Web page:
For the CSC, the DHG Forum was an opportunity to share our learning from the work we have been doing following our Commitment at the 2018 Global Disability Summit. We’re proud that in 2019 we have a seven-fold increase in the number of Commonwealth Scholars with disabilities. This has been achieved in partnership with organisations including the Leonard Cheshire Global Alliance, the Pacific Disability Forum and Disability Rights UK. Our approach to supporting students with disabilities recognises specific barriers that exist in accessing international mobility opportunities like Commonwealth Scholarships, in being supported while studying internationally to ensure that an individual can make the most of their potential and opportunity, and on reintegration and leveraging experience to impact development at local, national and international levels. We found at DHG, as expected, that many of our colleagues were grappling with the same issues. We were able to demonstrate what has worked particularly well for the CSC: partnering with Disabled Peoples Organisations in home and host country, having specific allowances to support disabled scholars to alleviate the financial burdens in their personal lives and having an organisation-wide approach where, for example, all members of the CSC Secretariat and the CSC’s Commissioners undertook training to better understand the social model of disability and our rights-based responsibility to ensure all of our scholars and applicants have the necessary support to succeed.

Another theme throughout DHG was access to education for at risk, conflict affected, asylum seeker and refugee students and academics. We heard from the British Council on their continued efforts to support refugee access to education, from King’s College London on their Partnership for Digital Learning and Increased Access (PADILEIA) project and from CARA on their Scholars at Risk programme. This area of work is a focus for the ACU. Early in 2019 we hosted a partner symposium at the University of Edinburgh on Extending the welcome: developing long-term solutions to supporting refugees and at-risk scholars and this week we will be celebrating World Access to Higher Education Day (WAHED) with the event 'Journeys to Belonging: what role for higher education?' where we will examine the role universities play in supporting refugees and displaced people.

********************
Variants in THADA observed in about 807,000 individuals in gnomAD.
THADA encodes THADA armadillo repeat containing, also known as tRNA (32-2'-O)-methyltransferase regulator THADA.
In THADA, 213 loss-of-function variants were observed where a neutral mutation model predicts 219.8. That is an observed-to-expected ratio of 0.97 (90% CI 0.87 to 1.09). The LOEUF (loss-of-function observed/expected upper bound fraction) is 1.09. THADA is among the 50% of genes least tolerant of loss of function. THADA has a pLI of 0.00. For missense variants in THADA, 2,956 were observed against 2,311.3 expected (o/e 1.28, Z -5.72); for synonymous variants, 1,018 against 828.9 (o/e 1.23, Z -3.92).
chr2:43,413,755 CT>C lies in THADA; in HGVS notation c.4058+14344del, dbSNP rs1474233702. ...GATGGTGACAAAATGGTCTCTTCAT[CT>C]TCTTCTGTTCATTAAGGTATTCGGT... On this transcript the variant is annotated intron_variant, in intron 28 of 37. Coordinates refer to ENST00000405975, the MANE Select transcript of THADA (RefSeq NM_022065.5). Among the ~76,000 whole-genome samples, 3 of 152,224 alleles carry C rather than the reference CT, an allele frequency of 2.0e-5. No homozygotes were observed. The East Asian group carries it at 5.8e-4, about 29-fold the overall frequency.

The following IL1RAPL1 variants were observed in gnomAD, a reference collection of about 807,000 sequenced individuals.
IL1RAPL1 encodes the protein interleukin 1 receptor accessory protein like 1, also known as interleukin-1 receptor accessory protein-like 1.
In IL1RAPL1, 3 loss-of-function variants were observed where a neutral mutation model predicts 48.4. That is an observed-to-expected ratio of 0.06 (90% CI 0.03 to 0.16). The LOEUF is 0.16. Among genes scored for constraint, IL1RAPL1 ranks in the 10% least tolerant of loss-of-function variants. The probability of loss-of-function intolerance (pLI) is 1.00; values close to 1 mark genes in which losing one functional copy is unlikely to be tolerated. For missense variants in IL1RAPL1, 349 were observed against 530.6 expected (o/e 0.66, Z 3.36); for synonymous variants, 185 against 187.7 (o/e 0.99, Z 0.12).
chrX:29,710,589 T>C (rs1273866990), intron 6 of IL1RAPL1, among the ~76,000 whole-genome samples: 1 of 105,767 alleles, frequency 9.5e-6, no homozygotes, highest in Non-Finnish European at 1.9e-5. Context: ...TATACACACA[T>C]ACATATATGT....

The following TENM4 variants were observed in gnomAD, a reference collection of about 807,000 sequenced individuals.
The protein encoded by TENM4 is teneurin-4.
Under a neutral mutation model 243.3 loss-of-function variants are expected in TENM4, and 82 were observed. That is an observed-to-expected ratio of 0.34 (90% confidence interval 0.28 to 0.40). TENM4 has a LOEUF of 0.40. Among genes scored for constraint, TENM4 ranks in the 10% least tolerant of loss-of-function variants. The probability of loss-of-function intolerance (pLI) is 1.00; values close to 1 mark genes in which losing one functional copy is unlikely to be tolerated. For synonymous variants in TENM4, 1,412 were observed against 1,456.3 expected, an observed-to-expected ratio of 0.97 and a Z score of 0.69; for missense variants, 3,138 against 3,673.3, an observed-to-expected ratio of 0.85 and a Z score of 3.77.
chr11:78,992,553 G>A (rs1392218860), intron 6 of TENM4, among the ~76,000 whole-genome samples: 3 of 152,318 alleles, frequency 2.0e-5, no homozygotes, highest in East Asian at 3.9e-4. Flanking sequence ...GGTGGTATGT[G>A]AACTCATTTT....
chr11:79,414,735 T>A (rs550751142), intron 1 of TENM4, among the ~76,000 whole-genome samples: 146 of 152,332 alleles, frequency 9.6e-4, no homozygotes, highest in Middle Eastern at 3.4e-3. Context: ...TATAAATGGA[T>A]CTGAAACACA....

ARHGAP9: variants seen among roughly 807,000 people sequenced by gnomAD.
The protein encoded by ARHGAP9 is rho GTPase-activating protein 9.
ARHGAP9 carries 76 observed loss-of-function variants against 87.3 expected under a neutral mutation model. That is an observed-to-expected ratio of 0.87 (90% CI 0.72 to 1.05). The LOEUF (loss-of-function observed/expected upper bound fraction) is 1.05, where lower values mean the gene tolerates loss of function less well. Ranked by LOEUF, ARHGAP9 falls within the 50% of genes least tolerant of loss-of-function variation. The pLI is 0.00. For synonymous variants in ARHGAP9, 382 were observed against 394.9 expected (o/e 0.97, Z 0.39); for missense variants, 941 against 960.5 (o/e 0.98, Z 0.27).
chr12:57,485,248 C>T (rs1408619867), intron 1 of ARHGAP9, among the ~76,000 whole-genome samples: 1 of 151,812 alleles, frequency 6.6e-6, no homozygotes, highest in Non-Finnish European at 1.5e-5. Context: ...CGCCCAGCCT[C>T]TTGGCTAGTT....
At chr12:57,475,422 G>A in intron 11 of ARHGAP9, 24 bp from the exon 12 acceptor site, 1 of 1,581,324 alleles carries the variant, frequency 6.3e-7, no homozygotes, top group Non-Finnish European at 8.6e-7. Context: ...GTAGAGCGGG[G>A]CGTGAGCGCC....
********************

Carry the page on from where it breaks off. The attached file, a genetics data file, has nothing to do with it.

We will also be supporting WAHED at the Global Summit hosted at the University of Edinburgh by the UK’s National Equal Opportunity Network (NEON). This summit will be highlighting disability and the inclusion of refugees in higher education and will feature the voices of two scholars from the Mastercard Foundation Scholars Program and the Commonwealth Scholarship programme, who will be reflecting on their experience in accessing higher education from a personal perspective.

The inclusion of students that are engaged and passionate about their futures and want to play an active role in shaping them is a key tenet of the work that we do at the ACU and the CSC and we’re optimistic that through our collaborative networks throughout the Commonwealth and beyond, and fora like DHG and WAHED we will continue to be able to promote higher education in allowing individuals to develop their ‘mindset, potential, attributes, skills, purpose, ability and agility to define their path and create their own future’.